Plan for Downtime and Keep Production on Schedule
Preparations can limit the negative impact of employee absences and other issues
By Bob Yenkner
Joe the ceramist is going on vacation? School vacation is when? The main milling machine is offline for upgrades? No problem — just shut the laboratory down for the week!
All too often, we are short a critical resource (man, material, machine) and we have a frantic scramble to cover our production shortfalls. Planning ahead for both random and known downtime will make your lives easier and keep your customers happy. Most laboratories have a good idea of where the constraints or bottlenecks are in the process. However, they usually don’t have a plan in place in the event that critical resources, either human or machine, are not available. It is a good idea to have a pre-arranged execution plan in place such as outsourcing that step, overtime, rental equipment, and/or a “hotline” to machine technical support from the supplier.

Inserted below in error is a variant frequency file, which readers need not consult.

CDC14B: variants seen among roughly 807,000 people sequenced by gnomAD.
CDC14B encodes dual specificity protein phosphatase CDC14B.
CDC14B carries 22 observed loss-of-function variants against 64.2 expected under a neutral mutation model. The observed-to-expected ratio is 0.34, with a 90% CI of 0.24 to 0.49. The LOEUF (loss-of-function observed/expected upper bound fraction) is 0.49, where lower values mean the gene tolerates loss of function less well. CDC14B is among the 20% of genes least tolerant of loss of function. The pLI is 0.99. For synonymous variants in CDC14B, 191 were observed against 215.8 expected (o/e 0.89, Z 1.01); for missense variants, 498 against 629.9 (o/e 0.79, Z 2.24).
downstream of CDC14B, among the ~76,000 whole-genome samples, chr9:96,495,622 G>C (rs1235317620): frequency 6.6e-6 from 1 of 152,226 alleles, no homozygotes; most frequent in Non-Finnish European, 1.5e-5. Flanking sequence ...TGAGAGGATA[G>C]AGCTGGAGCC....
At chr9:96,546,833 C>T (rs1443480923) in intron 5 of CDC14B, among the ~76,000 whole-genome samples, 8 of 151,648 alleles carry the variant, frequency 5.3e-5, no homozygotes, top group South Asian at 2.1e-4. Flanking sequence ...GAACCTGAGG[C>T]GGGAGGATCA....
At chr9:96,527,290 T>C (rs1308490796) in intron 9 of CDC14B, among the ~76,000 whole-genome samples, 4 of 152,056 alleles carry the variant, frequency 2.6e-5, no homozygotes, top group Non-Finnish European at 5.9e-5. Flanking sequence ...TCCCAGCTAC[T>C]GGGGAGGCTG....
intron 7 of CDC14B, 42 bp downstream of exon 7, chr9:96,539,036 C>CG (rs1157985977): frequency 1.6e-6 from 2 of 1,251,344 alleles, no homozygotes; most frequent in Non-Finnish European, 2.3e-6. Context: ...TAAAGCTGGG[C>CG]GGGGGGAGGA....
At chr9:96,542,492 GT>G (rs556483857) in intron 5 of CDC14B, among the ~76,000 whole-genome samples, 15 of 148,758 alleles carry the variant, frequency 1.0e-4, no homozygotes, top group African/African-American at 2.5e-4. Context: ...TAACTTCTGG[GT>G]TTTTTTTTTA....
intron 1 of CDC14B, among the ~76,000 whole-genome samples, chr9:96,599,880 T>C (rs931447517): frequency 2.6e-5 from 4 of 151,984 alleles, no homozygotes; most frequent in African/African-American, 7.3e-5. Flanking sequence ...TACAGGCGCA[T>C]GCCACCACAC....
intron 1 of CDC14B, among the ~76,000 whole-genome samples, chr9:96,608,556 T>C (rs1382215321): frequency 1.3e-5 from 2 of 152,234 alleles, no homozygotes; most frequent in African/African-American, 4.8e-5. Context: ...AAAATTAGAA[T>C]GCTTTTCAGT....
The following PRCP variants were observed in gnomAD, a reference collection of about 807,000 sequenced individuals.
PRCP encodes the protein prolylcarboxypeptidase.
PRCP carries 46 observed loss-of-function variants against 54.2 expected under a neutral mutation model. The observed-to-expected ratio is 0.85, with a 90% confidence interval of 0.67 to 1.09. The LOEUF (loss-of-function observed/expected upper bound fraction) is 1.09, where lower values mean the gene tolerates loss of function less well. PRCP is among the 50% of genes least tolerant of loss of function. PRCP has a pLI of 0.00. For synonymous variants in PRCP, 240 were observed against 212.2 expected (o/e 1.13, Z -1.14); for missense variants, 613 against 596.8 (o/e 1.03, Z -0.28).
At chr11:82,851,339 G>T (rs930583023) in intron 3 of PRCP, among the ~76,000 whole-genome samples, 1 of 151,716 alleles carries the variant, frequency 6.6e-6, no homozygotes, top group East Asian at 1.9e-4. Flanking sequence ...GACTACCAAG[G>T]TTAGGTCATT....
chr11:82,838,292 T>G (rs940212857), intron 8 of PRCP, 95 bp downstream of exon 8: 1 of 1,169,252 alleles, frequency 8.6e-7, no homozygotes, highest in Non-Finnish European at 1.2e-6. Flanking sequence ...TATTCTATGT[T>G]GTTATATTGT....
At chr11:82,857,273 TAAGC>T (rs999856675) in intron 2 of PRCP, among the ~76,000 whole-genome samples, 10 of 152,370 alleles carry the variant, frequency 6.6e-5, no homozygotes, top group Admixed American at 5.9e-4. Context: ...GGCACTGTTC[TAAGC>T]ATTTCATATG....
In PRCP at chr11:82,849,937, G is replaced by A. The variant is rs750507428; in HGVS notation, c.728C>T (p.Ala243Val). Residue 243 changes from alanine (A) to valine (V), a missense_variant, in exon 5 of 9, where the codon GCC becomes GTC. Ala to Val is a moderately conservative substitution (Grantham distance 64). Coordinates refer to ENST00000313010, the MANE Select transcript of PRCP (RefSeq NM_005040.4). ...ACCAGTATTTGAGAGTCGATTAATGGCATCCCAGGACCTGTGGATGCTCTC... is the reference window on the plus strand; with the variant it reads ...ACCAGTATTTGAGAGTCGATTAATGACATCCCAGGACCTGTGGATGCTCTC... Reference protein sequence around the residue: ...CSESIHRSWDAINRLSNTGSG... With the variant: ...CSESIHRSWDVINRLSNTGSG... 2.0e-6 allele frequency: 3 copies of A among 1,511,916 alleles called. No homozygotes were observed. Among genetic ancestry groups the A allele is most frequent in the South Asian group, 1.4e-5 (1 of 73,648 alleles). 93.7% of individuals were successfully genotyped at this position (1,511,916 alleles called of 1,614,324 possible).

Planning for downtime starts with looking at a calendar. What federal holidays are there and what other days may or may not be impacted? Identify state holidays such as Patriots Day in Massachusetts or Arbor Day in Nebraska. All of this non-working time directly impacts your production hours available (at non-overtime rates) and has a direct impact on your planned lead-times. Holidays occur every year at the same time, so those dates should not surprise anyone, customers and laboratories alike. Remember that dentists are faced with the same holiday “black holes” where days available become an issue for their patients. A simple, low-cost idea is to install an erasable white board to visually display “choke-points” where overtime may be required to make up the shorter hours.